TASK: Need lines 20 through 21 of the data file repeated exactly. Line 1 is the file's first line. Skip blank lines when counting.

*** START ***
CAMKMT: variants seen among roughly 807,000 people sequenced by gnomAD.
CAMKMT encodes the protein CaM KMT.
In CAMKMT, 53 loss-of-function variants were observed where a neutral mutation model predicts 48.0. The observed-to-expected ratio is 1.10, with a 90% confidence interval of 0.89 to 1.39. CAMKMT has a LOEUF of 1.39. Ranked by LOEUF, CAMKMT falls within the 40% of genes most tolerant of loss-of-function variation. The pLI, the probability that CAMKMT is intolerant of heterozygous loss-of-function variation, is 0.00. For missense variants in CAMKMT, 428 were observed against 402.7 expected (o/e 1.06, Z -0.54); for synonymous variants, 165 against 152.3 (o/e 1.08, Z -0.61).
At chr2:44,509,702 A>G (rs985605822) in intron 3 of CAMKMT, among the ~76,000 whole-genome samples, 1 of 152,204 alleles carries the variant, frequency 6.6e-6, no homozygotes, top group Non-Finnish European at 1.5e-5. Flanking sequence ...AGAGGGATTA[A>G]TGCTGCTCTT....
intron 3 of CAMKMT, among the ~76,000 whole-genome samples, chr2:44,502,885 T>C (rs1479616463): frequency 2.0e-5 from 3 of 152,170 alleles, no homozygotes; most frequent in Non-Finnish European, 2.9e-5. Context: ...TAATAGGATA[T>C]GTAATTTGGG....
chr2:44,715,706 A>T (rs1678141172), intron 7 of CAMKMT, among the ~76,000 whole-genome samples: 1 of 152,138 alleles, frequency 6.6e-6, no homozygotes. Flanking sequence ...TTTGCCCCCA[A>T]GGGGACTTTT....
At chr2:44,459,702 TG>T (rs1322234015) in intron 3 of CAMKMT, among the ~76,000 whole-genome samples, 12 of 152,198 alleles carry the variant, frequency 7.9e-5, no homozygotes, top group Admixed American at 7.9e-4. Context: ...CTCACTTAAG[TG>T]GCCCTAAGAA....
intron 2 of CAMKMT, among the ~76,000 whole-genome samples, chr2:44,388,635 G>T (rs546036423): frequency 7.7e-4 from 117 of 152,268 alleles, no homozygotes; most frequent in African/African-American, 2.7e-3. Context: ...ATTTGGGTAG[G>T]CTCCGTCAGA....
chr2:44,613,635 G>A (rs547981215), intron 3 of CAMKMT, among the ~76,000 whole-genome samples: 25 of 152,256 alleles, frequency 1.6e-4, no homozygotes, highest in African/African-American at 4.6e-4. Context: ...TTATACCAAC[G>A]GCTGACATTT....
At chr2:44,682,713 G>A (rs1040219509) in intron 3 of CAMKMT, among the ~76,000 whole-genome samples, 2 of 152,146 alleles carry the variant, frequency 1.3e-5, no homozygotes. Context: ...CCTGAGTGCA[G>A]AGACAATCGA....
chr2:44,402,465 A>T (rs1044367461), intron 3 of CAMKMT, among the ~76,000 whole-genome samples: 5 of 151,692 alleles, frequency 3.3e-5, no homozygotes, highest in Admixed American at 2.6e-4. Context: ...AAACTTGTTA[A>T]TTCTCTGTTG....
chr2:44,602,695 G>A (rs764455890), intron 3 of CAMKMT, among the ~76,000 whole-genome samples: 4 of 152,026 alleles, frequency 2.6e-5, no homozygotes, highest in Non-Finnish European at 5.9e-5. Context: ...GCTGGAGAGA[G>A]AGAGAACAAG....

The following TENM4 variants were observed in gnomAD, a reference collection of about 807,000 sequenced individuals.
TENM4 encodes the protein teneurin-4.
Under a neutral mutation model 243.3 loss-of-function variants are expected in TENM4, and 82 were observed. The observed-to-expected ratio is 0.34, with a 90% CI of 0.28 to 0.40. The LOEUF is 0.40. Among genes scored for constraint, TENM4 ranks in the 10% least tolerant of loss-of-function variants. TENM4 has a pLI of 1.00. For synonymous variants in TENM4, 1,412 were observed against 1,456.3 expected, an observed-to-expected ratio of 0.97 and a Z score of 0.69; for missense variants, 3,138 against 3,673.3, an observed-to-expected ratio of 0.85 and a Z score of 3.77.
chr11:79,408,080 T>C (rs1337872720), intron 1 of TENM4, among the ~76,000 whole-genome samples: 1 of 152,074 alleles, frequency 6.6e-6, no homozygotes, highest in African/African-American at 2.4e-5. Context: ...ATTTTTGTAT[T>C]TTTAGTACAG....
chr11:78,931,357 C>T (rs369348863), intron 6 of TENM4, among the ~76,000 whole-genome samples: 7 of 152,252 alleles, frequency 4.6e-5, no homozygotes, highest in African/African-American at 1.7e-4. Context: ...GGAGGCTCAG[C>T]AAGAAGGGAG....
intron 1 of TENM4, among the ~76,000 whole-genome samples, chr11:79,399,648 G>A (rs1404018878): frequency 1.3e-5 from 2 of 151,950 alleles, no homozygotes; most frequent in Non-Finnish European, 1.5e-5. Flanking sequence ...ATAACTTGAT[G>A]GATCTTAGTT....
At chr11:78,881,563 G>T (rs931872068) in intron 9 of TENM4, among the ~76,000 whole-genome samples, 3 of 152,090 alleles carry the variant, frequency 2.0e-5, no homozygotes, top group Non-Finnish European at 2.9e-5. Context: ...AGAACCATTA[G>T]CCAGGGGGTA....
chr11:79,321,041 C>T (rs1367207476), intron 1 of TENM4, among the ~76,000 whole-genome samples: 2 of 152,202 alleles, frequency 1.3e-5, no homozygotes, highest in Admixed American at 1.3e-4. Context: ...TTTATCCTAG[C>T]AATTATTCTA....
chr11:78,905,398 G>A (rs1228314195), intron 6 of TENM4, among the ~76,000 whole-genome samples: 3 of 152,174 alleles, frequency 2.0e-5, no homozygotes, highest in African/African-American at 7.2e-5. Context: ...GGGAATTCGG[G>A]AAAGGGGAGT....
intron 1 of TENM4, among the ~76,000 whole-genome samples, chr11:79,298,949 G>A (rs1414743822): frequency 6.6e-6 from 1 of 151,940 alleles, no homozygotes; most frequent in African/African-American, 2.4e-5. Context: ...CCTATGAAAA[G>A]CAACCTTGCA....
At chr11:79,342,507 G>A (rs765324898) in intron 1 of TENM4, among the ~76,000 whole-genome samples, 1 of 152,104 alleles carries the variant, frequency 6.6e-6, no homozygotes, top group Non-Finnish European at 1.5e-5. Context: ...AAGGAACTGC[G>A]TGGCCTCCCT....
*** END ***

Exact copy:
chr11:79,321,041 C>T (rs1367207476), intron 1 of TENM4, among the ~76,000 whole-genome samples: 2 of 152,202 alleles, frequency 1.3e-5, no homozygotes, highest in Admixed American at 1.3e-4. Context: ...TTTATCCTAG[C>T]AATTATTCTA....
chr11:78,905,398 G>A (rs1228314195), intron 6 of TENM4, among the ~76,000 whole-genome samples: 3 of 152,174 alleles, frequency 2.0e-5, no homozygotes, highest in African/African-American at 7.2e-5. Context: ...GGGAATTCGG[G>A]AAAGGGGAGT....